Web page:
Gag in place for new Myrtle Beach downtown leader. ‘What are they really trying to hide’?
A gag is a restriction on information. The Myrtle Beach Downtown Alliance continues the practice of trying to limit speech.
Past and present CEOs for the taxpayer-funded organization tasked with revitalizing downtown Myrtle Beach are prevented from saying anything that might be considered “disparaging.”
Was there previous misuse of taxpayer funds, are outside forces controlling the board members, or were companies misled about downtown revitalization?
The public may never know if that happened in the past 19 months since the Myrtle Beach Downtown Alliance was formed, or if it happens in the future.
When former Myrtle Beach Downtown Alliance CEO Amy Barrett left her position and was replaced, and her replacement was paid more, she did not speak about why she left or what transpired. That could be for fear of legal repercussions due to her contract.
Free speech and government transparency advocates see restricting information as bad for democracy and taxpayers.
The Sun News reporting has called into question the procedure used by the Myrtle Beach Downtown Alliance to fill their CEO position, which was never advertised to the public. No search firms were used to find the best candidates, and no interviews were conducted.
When newly appointed board member Dan Sine, who became chairman of the board at his first meeting on March 14, made the employment offer to his friend and longtime acquaintance Jason Greene, he said the non-disclosure agreement included was a mistake because he used a boilerplate employment offer letter.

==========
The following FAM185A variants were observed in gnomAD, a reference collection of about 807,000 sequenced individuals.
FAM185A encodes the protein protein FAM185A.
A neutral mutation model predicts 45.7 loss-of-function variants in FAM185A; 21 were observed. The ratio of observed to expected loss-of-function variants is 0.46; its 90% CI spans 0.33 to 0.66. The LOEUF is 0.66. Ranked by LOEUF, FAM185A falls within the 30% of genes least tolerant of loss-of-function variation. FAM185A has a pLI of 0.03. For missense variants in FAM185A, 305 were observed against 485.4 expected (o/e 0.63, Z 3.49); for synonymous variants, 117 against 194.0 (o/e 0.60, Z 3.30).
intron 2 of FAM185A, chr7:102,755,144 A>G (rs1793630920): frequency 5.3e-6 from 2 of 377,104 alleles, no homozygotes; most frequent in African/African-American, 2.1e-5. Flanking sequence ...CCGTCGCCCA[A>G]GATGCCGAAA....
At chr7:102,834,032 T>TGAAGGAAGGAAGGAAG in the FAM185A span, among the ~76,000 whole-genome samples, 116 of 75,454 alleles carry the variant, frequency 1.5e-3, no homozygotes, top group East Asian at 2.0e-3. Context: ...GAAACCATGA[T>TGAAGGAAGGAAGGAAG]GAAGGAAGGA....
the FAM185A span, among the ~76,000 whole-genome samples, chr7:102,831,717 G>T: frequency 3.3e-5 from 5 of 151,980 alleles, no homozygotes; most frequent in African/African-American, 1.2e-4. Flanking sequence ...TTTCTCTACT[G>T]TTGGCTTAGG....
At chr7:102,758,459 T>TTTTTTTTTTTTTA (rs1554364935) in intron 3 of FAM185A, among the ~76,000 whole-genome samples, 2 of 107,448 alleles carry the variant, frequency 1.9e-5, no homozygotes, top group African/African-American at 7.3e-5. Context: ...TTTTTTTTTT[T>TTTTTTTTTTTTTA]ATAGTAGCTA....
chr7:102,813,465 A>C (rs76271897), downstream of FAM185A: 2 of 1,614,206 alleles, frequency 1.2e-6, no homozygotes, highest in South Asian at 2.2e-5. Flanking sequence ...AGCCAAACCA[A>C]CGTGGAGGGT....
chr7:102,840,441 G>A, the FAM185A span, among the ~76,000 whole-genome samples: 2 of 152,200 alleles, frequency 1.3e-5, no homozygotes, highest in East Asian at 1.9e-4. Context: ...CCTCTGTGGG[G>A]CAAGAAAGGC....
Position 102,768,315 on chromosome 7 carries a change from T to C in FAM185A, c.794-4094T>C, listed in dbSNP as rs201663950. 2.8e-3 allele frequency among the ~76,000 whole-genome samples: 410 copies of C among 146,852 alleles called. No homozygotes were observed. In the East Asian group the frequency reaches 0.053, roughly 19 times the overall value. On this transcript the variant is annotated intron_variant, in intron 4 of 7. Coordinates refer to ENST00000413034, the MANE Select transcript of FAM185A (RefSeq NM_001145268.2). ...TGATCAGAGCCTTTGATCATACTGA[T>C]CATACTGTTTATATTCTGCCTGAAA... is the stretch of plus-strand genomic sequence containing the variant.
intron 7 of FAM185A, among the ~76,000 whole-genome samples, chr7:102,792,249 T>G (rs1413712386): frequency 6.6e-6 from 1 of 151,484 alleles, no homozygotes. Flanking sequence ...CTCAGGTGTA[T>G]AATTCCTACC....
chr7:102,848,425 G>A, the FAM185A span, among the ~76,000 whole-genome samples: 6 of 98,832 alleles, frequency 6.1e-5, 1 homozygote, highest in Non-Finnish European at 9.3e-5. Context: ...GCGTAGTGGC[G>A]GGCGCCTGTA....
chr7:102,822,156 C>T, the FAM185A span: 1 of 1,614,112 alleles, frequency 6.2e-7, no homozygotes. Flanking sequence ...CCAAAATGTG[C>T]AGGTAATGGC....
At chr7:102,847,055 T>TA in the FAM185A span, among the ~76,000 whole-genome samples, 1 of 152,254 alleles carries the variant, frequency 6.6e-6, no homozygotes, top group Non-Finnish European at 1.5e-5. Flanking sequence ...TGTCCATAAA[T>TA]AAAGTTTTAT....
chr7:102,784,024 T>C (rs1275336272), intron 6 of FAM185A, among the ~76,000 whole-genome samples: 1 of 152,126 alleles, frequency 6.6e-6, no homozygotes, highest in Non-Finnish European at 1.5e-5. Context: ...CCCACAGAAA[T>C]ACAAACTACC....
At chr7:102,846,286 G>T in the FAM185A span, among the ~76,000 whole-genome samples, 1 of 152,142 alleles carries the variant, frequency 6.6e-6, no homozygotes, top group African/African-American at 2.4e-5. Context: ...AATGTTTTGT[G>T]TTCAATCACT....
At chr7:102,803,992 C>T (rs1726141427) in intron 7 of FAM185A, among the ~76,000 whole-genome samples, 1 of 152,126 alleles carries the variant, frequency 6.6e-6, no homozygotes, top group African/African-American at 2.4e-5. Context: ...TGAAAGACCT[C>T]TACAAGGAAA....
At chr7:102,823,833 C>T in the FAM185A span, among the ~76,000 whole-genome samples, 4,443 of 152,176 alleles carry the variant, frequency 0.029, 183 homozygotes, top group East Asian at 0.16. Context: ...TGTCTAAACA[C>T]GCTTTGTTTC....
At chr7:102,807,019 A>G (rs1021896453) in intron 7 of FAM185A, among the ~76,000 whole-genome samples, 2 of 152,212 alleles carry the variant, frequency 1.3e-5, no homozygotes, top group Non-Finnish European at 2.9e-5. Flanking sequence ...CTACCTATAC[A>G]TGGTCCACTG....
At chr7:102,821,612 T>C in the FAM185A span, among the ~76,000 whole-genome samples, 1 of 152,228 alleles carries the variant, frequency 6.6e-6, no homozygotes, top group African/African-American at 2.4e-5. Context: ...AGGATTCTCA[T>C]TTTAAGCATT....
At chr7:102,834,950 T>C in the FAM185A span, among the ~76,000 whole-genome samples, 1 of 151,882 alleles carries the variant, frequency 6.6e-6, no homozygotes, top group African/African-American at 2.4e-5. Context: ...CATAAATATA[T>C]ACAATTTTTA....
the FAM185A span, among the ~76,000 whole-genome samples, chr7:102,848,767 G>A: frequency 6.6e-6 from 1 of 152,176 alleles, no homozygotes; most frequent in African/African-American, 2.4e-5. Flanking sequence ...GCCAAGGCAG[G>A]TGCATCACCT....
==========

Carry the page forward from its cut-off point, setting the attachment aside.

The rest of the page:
A review of the employment contract voted on by the Myrtle Beach Downtown Alliance board members on Wednesday shows that the contract avoided using the term non-disclosure agreement, or NDA, but the contract certainly restricts speech.
Sine declined to speak to a reporter for this story, instead insisting on the submission of written questions, which The Sun News agrees to only in rare situations when no other avenue is practical. The newspaper also rejected a request from Benjamin Broody, the Myrtle Beach Downtown Alliance attorney who drafted the contract, to negotiate “rules of engagement” and provide information before he was willing to agree to an interview.
Sine did send an email saying, “Jason’s employment contract includes no Non-Disclosure Agreement (NDA) clauses.”
Reader and taxpayers can make their own conclusions.
Why could Myrtle Beach taxpayers be concerned about gagging those managing public dollars?
The employment contract has “restrictive covenants” barring the new employee from any speech that could impact the goodwill and reputation of the corporation and it’s board members.
The contract states in part, “employee specifically agrees not to take any action that impairs the goodwill and reputation of the Corporation or any of the Protected Parties through posting comments and/or reviews on internet platforms, sending letters, texts, and other electronic messages, and speaking on radio, television, video, or podcasting platforms/broadcasts/services.”